The Fulcrum

The quest for balance is never far from my mind.  Like many educators I’m constantly struggling to balance my work demands, home life, and healthy routines.  I am keenly aware of when I am out of balance.  It usually shows up physically as fatigue or weight gain, or emotionally as dissatisfaction, guilt, or frustration.  When I wrote the post, “The Run/Walk Interval,” I appreciated the struggle I was having and recognized that that weekend I was taking a “walk break” so that I could “run” with the demands of the work.  Throughout these first days as a new principal I recognized and appreciated that my work would need the most weight initially, but I missed a key part of my balance: the fulcrum.  There is attention that needs to be paid to my center or fulcrum so that I am better able to discern when to stop and start the running and walking parts of the interval.

For me, my spiritual life is at my center.  It’s the fulcrum upon which all the demands of my life balance.  When I am not giving the proper attention to that which grounds me, I don’t have the proper perspective needed to make wise decisions, nor do I have the stamina to do what is needed to run effectively.  I realized this week that I have seen the routines related to my spiritual life as just another set of obligations that demand my attention.  When, at different times of my life these routines are put first, the other demands or weights tend to balance themselves much more easily.  I also find that I am better able to manage the work itself.  On the other hand, when I don’t ground myself in my spiritual practices, then I spend way too much time working and am not as effective in that time.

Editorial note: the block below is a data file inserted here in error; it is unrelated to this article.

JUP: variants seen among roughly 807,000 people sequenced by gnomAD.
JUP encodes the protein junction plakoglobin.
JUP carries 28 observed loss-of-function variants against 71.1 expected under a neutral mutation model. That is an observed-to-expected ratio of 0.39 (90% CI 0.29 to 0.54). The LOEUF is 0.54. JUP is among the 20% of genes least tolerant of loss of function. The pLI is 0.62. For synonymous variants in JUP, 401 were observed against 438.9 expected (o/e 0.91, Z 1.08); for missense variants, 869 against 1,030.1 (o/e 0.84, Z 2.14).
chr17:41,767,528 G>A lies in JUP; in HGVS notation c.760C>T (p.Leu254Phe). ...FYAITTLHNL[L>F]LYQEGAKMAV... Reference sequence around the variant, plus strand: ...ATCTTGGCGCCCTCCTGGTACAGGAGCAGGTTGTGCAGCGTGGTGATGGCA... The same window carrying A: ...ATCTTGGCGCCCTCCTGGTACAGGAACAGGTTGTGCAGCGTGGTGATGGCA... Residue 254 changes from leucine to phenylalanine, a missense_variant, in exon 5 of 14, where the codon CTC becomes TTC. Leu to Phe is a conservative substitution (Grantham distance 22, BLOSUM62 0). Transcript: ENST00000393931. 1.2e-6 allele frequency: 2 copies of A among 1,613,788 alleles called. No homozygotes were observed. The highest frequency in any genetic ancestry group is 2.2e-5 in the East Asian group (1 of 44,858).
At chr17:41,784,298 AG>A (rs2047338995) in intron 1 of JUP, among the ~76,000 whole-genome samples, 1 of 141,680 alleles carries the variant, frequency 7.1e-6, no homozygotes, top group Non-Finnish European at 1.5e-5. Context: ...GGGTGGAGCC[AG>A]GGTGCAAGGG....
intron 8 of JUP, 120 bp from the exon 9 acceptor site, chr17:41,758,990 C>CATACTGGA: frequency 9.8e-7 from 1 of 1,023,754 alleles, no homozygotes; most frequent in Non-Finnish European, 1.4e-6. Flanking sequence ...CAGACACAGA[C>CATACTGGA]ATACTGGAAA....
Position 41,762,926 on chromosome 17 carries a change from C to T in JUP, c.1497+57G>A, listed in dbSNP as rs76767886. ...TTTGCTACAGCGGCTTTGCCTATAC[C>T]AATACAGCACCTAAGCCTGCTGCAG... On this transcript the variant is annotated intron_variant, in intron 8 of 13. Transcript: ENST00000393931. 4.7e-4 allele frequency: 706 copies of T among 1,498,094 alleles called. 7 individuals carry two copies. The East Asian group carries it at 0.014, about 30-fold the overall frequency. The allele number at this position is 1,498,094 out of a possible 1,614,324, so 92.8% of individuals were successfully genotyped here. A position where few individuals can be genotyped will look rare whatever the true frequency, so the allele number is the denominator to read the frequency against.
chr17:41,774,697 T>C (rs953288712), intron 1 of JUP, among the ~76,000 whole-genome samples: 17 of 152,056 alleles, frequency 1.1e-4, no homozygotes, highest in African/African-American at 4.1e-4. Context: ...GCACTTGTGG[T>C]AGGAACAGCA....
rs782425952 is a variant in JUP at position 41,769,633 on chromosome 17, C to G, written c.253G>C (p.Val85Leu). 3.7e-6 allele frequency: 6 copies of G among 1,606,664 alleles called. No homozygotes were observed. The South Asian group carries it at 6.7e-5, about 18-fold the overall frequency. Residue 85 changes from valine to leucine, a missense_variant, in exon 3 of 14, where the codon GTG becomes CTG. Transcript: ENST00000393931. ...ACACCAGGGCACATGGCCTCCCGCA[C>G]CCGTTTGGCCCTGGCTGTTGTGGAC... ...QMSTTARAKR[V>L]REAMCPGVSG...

I knew as a principal that there would be days when I would need to give more time to management responsibilities than instructional leadership.  What I did not fully realize or appreciate was the impact these days would have on my stress level.  I am beginning to realize that when I have a week when I give a lot of time to work, but feel like I have made positive impact on learning, I don’t feel negative consequences of stress.  I feel a sense of satisfaction.  Weeks when I don’t feel like I have moved the ball much instructionally because I have had to focus mainly on management issues, I don’t come away with a sense of satisfaction.  Instead, I feel drained and can feel defeated. This past week I was there.  I didn’t have any resources to draw from.  I probably got more sleep this week than I have any week this month, yet I felt exhausted everyday.  My stress was managed unsuccessfully and I left feeling ineffective.

Fortunately, I have a new week–a chance to start over with a fresh focus and plan for implementing new routines.  These routines will be aimed at my fulcrum. I will wake up 15 minutes earlier to read a daily devotional and end each day with reflection, meditation and prayer.  It will be interesting to see the impact of these routines no matter what kind of week I have.  It will be interesting to see what happens when I focus on the fulcrum.

 

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